Saraiva et al.[19] confirmed the potent proinflammatory properties of nattectin when they demonstrated that macrophages recruited to the peritoneal cavity by nattectin differentiated into mature dendritic cells (DC), as evidenced by up-regulation of Ly6C, F4/80R, CD80 and MHC class II. These macrophage-derived DCs exhibit functional attributes (augmented antigen presentation capacity with avid phagocytosis, high T cell co-stimulatory molecules expression, and enhanced capacity to activate T cells by the production of IFN-γ through the high-level of bioactive IL-12 p70 secretion) that are associated with Th1 differentiation. Our in vivo results confirmed that nattectin induced a Th1 polarized response, characterized by high levels of specific IgG2a and antigen-specific IFN-γ-producing cells.

More recently, we evaluated whether natterins affect the leukocyte-endothelial cell interaction, hampering leukocyte mobilization and extravasation. Leukocyte-endothelial cell interactions were evaluated in venules of mouse cremaster muscle using intravital microscopy. We observed that low doses of natterins affect cell capturing and inhibit the interaction of blood neutrophils with post-capillary venules induced by the TLR4 agonist lipopolysaccharide (LPS), or the chemokine KC. Using endotoxemic mice challenged with LPS, we confirmed that natterins reduce neutrophil accumulation in the peritoneum exudates. The rolling of leukocytes induced by KC or LPS was not impaired in natterins-treated TLR2, MyD88 deficient or TLR4 mutant mice, indicating that TLR2- or TLR4-MyD88-mediated signals are required for the anti-inflammatory effect of natterins. The inhibitory effect was not influenced by endogenous regulators of inflammation such as IL-10, corticosteroids, HO-1 neither by the antagonist of the receptor of IL-1, nor by the disruption of their proteolytic activity. However, it was completely dependent on the activation of serine/threonine phosphatases and the PI3K signaling pathway, but independent of increased proteasome activity [20].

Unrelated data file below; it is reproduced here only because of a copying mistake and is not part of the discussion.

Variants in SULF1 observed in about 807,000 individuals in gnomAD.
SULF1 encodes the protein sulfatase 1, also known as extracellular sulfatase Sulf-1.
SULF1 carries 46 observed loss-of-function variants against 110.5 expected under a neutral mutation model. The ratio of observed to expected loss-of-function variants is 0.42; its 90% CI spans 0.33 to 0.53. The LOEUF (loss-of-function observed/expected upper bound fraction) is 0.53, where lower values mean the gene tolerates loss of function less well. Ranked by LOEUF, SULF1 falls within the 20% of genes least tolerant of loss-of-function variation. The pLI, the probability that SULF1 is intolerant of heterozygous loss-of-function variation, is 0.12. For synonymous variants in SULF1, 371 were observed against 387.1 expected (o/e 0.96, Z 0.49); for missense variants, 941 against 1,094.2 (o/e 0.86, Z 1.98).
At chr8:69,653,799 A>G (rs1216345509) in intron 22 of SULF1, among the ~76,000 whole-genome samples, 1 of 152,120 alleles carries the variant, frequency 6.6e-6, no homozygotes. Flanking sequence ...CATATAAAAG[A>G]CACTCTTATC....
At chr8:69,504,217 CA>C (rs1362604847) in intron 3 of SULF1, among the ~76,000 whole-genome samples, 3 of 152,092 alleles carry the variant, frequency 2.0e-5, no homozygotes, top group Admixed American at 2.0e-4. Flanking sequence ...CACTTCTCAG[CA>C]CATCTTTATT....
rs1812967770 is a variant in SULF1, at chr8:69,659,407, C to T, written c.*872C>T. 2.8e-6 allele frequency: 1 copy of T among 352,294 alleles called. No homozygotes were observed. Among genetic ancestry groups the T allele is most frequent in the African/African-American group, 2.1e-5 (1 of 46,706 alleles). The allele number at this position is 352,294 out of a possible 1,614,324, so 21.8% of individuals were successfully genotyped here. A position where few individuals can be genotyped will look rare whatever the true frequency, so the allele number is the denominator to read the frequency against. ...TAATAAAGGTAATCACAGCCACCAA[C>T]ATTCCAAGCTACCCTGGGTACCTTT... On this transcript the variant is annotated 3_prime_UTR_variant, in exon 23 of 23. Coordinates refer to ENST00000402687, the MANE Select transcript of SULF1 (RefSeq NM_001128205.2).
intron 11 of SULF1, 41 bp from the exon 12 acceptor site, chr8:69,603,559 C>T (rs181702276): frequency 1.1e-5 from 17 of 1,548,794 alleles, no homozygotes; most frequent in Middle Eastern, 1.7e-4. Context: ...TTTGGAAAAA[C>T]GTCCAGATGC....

These works started asking how the main toxins of the T. nattereri venom contribute to the deficient influx of inflammatory leukocytes, which consequently leads to the delayed inflammatory response in injured tissue. By their end, we demonstrated that natterins may control the leukocyte-endothelial wall interactions in a mechanism dependent on negative signals derived from TLR2-TLR4/Myd88 signaling cascade. Thus, our data allowed us to expand the knowledge on the regulation of cell activation and transmigration, as well as confirmed that nattectin and natterins comprise important immunomodulatory agents [7, 8, 1420].

Humoral response and B cell compartment

Similarly to therapeutic approaches employed against envenomation provoked by fish in Indic oceans [2123], we investigated the potential use of antiserum against T. nattereri venom as suggested by Auto [24]. Lopes-Ferreira et al.[25] gathered evidences that support the efficacy of T. nattereri antiserum produced in rabbits. The antiserum was completely able to inhibit nociception and necrosis when administered minutes after the venom injection. Subsequently, we confirmed that mice immunized twice with T. nattereri venom with high levels of circulating IgG have refractory capacity to develop nociception, necrosis and edema induced by subsequent venom injection in the footpad. The mice developed less thrombi in venules and vascular constriction in arterioles [26].

These findings allowed us to explore specific antivenom as a therapeutic strategy for human victims. Subsequently, we produced antiserum in horses and evaluated the effectiveness of its different isotypes in the neutralization of the main toxic activities induced by venom [27]. Preincubation of venom with whole antiserum or isolated IgG had the most potent capacity to neutralize lethality, nociception, necrosis and microcirculatory alterations induced by venom. However, it was only partially capable of neutralizing edema. The murine model of humoral response induced by venom allowed the study of memory B cell compartment.